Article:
My internship placement process turned out to be unexpectedly chaotic. I opted to take my remaining two classes over the summer and complete the internship in the Fall. Originally, I was supposed to be placed with an organization in Italy. Unfortunately, that plan didn’t come to fruition due to some unexpected issues between my graduate program and the hosting organization. I want to say that I was heartbroken, but I simply didn’t have the time to wallow in my sorrows.
Due to lack of time, my internship options were circumscribed to IEDP partners in the U.S. After doing some research, my choice fell on Results for Development (R4D) in Washington, D.C. Though R4D has ties to IEDP, they didn’t go easy on me during the interview process, which impressed me! I had to submit a writing sample, complete a timed assignment and pass an interview with the education team. The timed assignment threw me off a bit as it was given to me right before my flight to Lisbon. I didn’t want to think about the assignment during my much-deserved vacation, so I completed it on a red-eye flight!
I started my internship a week late due to last-minute paperwork that needed to be filed. I noticed a discrepancy between what I was told by my graduate program at the beginning of the year and information on the website of the ISSS. As it turned out, the university has changed some of its policies, which impacted international students like myself. Fortunately, IEDP and ISSS helped me to collect all my documentation in a matter of days.
The onboarding process at R4D was organized and welcoming. I spent my first week meeting the members of the education team and being introduced to the projects I will be working on. My supervisor is a great guy, who has been with the organization for a while. R4D occupies the entire 7th floor of a beautiful building in downtown D.C. The amenities at the office are top-notch: there is a gym, a nap room (dreams do come true!), a mother’s room and a kitchen with free tea! Every day around noon, I am faced with the difficult decision of where to have lunch, as there are so many options.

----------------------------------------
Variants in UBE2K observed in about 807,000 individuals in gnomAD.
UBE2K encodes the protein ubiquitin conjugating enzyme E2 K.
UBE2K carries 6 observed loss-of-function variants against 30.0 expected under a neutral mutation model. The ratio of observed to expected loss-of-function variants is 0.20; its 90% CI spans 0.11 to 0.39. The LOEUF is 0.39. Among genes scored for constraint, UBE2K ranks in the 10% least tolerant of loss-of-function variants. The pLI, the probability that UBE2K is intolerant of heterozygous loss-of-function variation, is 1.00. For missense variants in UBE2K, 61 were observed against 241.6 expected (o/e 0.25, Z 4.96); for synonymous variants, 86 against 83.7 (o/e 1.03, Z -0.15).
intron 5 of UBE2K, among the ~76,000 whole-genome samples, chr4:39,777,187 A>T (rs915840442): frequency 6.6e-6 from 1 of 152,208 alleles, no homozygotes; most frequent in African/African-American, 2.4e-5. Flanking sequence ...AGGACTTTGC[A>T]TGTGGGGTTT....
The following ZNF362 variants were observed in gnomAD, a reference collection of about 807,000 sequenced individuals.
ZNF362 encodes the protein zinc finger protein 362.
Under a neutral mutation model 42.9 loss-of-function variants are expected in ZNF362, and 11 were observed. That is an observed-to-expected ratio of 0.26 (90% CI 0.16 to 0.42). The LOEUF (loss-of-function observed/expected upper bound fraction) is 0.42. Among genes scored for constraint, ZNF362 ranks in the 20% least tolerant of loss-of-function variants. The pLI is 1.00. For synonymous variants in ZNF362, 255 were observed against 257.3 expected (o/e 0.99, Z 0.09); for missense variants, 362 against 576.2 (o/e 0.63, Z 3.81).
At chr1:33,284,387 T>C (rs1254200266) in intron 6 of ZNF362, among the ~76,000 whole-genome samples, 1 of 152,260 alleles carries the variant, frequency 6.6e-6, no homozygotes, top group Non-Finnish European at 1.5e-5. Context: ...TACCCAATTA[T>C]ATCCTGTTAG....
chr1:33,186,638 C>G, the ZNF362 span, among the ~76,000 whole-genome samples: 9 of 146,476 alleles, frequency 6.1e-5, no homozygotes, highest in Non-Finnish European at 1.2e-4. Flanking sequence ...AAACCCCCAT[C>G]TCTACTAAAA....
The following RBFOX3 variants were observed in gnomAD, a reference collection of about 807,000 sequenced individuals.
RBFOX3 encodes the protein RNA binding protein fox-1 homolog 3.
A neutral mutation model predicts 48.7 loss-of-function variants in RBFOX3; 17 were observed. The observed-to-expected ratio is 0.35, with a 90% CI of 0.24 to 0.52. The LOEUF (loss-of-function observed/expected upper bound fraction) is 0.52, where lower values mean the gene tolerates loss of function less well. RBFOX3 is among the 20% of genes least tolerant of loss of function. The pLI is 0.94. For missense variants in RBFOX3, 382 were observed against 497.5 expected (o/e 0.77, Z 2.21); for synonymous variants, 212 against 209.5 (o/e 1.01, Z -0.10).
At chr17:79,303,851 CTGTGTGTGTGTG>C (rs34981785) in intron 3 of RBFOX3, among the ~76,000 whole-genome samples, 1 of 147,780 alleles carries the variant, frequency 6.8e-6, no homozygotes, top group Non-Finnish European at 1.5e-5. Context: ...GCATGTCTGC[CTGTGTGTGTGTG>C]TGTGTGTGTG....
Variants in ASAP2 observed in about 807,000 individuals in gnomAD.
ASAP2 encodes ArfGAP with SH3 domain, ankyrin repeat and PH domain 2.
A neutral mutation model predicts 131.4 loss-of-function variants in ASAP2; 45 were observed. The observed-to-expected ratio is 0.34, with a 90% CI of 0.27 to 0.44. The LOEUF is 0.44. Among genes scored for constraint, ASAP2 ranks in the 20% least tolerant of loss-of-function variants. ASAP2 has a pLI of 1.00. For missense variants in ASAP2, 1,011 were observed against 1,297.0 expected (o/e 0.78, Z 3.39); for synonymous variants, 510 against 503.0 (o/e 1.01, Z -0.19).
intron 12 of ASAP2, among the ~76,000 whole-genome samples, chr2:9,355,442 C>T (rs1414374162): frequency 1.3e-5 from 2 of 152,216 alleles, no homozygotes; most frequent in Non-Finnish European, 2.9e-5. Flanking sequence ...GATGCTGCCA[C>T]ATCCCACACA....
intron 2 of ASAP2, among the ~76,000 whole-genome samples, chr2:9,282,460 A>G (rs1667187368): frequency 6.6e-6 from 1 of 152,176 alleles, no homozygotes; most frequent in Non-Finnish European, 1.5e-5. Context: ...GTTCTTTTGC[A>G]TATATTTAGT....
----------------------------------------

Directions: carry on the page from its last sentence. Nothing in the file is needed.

The organizational culture at R4D is nothing like I experienced before in D.C. (or Kazakhstan). Most of the senior positions are held by women. The organization offers flexible work schedules for many of the working moms and dads on staff. HR doesn’t police what you wear. Interactions between colleagues are friendly, yet professional. There are no gatekeepers to senior-level staff. The other day, the CEO casually started a conversation with me in the kitchen. The office itself is exceptionally quiet!
I am glad that, at the end of my long and tumultuous internship placement process, I landed at R4D. At first, I worried that coming back to D.C., a place I know so well, wouldn’t contribute to my professional growth. I was wrong though. Yes, I am in the same place where I was 10 years ago, but I am a whole different person.